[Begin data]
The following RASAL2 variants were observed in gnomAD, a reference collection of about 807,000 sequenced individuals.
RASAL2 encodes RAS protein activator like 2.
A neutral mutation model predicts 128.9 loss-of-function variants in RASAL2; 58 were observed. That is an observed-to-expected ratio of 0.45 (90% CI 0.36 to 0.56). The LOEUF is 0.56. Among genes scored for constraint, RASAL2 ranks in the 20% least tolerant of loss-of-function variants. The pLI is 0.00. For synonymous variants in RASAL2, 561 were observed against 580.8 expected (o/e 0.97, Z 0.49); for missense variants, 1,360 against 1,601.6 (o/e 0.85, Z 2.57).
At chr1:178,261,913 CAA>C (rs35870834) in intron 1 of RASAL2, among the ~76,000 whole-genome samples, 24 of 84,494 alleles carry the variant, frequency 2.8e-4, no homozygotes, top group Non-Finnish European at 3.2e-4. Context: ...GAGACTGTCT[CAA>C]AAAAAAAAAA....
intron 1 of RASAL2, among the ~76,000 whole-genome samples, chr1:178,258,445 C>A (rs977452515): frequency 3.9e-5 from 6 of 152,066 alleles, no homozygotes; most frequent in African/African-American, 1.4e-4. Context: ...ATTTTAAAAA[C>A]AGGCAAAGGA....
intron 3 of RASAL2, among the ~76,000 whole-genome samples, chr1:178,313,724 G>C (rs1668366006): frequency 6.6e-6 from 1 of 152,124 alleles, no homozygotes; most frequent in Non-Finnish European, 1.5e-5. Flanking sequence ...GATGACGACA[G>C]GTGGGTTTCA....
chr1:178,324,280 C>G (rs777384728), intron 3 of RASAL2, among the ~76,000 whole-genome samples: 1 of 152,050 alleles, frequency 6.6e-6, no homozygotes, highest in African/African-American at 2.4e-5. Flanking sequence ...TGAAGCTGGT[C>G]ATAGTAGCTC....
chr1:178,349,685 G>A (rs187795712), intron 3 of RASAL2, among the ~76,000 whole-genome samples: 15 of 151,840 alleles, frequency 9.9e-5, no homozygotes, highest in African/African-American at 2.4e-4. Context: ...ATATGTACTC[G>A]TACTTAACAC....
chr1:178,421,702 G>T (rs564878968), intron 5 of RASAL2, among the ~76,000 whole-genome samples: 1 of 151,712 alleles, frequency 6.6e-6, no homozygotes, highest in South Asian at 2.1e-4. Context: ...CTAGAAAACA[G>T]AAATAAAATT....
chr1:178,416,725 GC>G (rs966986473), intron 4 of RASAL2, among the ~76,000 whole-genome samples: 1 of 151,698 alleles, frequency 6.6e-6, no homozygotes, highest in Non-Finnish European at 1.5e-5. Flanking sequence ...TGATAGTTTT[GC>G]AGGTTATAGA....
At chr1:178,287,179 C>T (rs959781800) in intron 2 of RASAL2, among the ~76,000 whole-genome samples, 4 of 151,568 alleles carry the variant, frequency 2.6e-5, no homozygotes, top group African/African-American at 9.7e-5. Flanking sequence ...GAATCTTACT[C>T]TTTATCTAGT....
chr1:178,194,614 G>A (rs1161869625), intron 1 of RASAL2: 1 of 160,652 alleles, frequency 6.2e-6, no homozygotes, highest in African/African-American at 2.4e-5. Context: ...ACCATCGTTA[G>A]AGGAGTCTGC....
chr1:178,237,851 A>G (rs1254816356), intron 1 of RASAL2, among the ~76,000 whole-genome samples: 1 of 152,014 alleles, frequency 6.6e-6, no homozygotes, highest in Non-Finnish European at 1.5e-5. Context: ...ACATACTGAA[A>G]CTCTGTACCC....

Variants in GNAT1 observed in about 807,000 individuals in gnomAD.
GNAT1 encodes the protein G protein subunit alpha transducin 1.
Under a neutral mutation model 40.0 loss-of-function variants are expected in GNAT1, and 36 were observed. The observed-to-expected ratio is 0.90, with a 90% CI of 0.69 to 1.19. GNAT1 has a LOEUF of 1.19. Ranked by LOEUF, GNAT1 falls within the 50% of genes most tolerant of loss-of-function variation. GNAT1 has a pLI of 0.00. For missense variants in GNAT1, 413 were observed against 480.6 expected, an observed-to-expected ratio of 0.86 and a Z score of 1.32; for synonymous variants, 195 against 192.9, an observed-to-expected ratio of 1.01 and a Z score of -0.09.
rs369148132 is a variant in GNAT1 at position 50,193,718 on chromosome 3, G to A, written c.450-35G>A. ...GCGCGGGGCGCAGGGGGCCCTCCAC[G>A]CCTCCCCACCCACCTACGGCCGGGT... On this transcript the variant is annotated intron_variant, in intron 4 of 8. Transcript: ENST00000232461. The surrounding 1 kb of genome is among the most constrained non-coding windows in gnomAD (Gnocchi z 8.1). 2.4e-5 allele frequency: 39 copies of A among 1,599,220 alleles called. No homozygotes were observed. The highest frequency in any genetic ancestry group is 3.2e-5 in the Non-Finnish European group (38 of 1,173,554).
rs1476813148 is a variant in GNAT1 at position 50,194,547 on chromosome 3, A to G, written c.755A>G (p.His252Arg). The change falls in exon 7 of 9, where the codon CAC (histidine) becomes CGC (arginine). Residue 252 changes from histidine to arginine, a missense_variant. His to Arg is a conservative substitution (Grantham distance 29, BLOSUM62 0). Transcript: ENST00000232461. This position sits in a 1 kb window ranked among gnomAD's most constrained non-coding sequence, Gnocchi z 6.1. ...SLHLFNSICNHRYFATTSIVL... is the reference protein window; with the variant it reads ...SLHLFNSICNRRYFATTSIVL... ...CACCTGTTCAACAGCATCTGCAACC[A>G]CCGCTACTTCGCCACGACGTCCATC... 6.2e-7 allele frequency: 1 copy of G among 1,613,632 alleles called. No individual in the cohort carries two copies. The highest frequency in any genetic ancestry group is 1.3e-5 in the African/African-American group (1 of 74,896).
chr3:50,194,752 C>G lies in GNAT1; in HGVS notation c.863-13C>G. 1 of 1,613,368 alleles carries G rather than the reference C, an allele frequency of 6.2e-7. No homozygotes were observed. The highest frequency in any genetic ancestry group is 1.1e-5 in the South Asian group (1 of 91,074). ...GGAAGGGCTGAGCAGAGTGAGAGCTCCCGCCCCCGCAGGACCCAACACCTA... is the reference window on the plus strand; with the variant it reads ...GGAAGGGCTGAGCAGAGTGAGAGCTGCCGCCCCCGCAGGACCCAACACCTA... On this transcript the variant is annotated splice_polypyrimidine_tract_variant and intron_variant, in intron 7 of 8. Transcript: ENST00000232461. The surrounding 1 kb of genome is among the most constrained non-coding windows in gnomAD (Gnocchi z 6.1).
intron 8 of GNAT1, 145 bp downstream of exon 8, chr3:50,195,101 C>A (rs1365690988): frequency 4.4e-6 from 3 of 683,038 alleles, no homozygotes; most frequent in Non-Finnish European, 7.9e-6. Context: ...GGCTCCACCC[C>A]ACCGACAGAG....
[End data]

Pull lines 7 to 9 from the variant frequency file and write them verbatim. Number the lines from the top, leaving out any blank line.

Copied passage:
chr1:178,324,280 C>G (rs777384728), intron 3 of RASAL2, among the ~76,000 whole-genome samples: 1 of 152,050 alleles, frequency 6.6e-6, no homozygotes, highest in African/African-American at 2.4e-5. Flanking sequence ...TGAAGCTGGT[C>G]ATAGTAGCTC....
chr1:178,349,685 G>A (rs187795712), intron 3 of RASAL2, among the ~76,000 whole-genome samples: 15 of 151,840 alleles, frequency 9.9e-5, no homozygotes, highest in African/African-American at 2.4e-4. Context: ...ATATGTACTC[G>A]TACTTAACAC....
chr1:178,421,702 G>T (rs564878968), intron 5 of RASAL2, among the ~76,000 whole-genome samples: 1 of 151,712 alleles, frequency 6.6e-6, no homozygotes, highest in South Asian at 2.1e-4. Context: ...CTAGAAAACA[G>T]AAATAAAATT....